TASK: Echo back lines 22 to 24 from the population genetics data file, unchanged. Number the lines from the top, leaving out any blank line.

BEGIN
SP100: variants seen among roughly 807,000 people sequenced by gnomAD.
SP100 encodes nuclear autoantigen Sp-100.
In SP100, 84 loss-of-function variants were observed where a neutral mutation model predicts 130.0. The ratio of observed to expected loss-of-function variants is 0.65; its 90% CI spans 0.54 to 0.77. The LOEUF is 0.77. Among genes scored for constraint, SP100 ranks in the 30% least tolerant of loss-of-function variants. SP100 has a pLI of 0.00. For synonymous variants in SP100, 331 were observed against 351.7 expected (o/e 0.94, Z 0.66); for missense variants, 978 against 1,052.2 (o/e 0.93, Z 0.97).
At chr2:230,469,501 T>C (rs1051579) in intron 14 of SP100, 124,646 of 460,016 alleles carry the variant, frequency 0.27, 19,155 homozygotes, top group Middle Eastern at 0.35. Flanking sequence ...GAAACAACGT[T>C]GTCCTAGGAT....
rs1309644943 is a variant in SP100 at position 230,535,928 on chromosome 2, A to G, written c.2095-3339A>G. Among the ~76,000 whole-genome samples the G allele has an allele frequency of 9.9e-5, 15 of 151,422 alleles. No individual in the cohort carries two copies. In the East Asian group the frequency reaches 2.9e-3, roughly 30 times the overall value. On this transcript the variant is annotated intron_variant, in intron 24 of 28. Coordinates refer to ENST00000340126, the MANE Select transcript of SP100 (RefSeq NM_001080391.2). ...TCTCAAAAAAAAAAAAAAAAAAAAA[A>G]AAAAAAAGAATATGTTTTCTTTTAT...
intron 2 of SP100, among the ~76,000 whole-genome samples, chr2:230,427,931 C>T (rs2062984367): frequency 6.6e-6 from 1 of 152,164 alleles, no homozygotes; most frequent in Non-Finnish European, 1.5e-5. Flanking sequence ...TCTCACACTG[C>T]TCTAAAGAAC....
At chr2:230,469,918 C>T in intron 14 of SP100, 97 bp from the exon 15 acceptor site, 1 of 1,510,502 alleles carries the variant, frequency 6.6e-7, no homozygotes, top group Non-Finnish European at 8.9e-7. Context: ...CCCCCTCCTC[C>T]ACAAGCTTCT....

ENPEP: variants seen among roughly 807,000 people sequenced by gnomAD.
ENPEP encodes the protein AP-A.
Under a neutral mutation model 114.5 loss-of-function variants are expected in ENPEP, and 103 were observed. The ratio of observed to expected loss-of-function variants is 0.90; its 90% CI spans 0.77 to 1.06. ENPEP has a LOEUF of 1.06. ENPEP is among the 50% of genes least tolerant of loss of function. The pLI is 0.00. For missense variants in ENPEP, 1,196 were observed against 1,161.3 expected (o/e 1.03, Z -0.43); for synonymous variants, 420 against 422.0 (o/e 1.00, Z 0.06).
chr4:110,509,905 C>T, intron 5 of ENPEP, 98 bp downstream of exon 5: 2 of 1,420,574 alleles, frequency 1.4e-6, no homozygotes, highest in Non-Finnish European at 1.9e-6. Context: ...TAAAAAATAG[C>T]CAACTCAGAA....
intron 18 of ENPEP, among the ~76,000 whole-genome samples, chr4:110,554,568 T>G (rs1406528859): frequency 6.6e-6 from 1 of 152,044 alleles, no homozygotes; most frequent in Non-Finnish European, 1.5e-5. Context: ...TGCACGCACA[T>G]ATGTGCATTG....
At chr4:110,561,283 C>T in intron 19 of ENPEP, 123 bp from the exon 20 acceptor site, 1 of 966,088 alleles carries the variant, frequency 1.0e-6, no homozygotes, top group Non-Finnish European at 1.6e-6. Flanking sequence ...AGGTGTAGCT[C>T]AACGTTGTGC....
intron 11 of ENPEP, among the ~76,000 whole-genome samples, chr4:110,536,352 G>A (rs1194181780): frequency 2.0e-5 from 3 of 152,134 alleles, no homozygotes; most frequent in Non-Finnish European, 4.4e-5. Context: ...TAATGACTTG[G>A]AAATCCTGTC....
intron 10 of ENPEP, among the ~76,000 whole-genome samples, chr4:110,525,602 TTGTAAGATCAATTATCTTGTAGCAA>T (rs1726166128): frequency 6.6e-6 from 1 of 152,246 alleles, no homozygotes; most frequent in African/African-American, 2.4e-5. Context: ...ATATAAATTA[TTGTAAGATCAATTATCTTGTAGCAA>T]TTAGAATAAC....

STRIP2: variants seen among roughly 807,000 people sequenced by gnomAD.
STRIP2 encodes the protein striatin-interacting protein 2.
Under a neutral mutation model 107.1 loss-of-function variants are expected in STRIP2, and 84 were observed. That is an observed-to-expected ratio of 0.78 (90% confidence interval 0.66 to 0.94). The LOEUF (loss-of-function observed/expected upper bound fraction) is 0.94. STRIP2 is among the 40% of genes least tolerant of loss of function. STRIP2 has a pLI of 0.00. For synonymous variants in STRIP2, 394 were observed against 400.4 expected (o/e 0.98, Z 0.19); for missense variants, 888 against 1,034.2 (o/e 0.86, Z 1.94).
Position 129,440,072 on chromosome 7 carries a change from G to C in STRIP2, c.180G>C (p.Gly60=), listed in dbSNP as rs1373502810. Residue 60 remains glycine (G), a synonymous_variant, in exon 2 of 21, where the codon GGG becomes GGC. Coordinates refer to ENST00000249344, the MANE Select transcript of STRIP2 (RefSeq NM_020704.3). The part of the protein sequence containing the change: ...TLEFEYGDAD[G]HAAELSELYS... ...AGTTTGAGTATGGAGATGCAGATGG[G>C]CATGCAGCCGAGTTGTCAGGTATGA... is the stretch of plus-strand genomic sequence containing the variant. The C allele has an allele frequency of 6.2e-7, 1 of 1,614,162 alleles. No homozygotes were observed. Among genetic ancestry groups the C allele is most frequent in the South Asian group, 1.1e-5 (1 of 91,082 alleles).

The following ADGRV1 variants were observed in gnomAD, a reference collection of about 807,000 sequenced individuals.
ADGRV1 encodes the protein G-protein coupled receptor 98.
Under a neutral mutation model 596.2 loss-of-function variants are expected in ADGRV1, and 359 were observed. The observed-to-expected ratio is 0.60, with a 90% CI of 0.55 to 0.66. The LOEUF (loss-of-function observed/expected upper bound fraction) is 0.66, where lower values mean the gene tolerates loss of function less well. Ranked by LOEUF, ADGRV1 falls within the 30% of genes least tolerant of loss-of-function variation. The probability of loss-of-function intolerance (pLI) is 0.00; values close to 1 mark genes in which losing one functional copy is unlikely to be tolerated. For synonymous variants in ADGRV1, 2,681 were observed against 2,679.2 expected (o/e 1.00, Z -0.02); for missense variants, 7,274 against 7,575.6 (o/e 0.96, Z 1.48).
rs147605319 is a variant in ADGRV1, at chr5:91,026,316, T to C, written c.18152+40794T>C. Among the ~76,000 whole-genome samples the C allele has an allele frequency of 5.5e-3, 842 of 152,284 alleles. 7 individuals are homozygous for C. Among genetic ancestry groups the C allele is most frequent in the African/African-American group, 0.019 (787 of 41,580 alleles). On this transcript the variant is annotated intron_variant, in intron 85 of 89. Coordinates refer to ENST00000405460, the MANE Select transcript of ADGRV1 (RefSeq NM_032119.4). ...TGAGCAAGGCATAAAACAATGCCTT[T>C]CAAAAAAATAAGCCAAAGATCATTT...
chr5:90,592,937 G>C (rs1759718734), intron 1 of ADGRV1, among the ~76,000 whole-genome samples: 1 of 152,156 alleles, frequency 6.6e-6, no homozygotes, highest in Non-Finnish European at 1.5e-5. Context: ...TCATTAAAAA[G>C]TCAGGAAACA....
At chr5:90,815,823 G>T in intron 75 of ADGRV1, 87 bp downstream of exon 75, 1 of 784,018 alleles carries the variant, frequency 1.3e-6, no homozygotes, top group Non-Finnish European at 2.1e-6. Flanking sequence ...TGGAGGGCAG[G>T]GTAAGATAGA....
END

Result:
Under a neutral mutation model 596.2 loss-of-function variants are expected in ADGRV1, and 359 were observed. The observed-to-expected ratio is 0.60, with a 90% CI of 0.55 to 0.66. The LOEUF (loss-of-function observed/expected upper bound fraction) is 0.66, where lower values mean the gene tolerates loss of function less well. Ranked by LOEUF, ADGRV1 falls within the 30% of genes least tolerant of loss-of-function variation. The probability of loss-of-function intolerance (pLI) is 0.00; values close to 1 mark genes in which losing one functional copy is unlikely to be tolerated. For synonymous variants in ADGRV1, 2,681 were observed against 2,679.2 expected (o/e 1.00, Z -0.02); for missense variants, 7,274 against 7,575.6 (o/e 0.96, Z 1.48).
rs147605319 is a variant in ADGRV1, at chr5:91,026,316, T to C, written c.18152+40794T>C. Among the ~76,000 whole-genome samples the C allele has an allele frequency of 5.5e-3, 842 of 152,284 alleles. 7 individuals are homozygous for C. Among genetic ancestry groups the C allele is most frequent in the African/African-American group, 0.019 (787 of 41,580 alleles). On this transcript the variant is annotated intron_variant, in intron 85 of 89. Coordinates refer to ENST00000405460, the MANE Select transcript of ADGRV1 (RefSeq NM_032119.4). ...TGAGCAAGGCATAAAACAATGCCTT[T>C]CAAAAAAATAAGCCAAAGATCATTT...
chr5:90,592,937 G>C (rs1759718734), intron 1 of ADGRV1, among the ~76,000 whole-genome samples: 1 of 152,156 alleles, frequency 6.6e-6, no homozygotes, highest in Non-Finnish European at 1.5e-5. Context: ...TCATTAAAAA[G>C]TCAGGAAACA....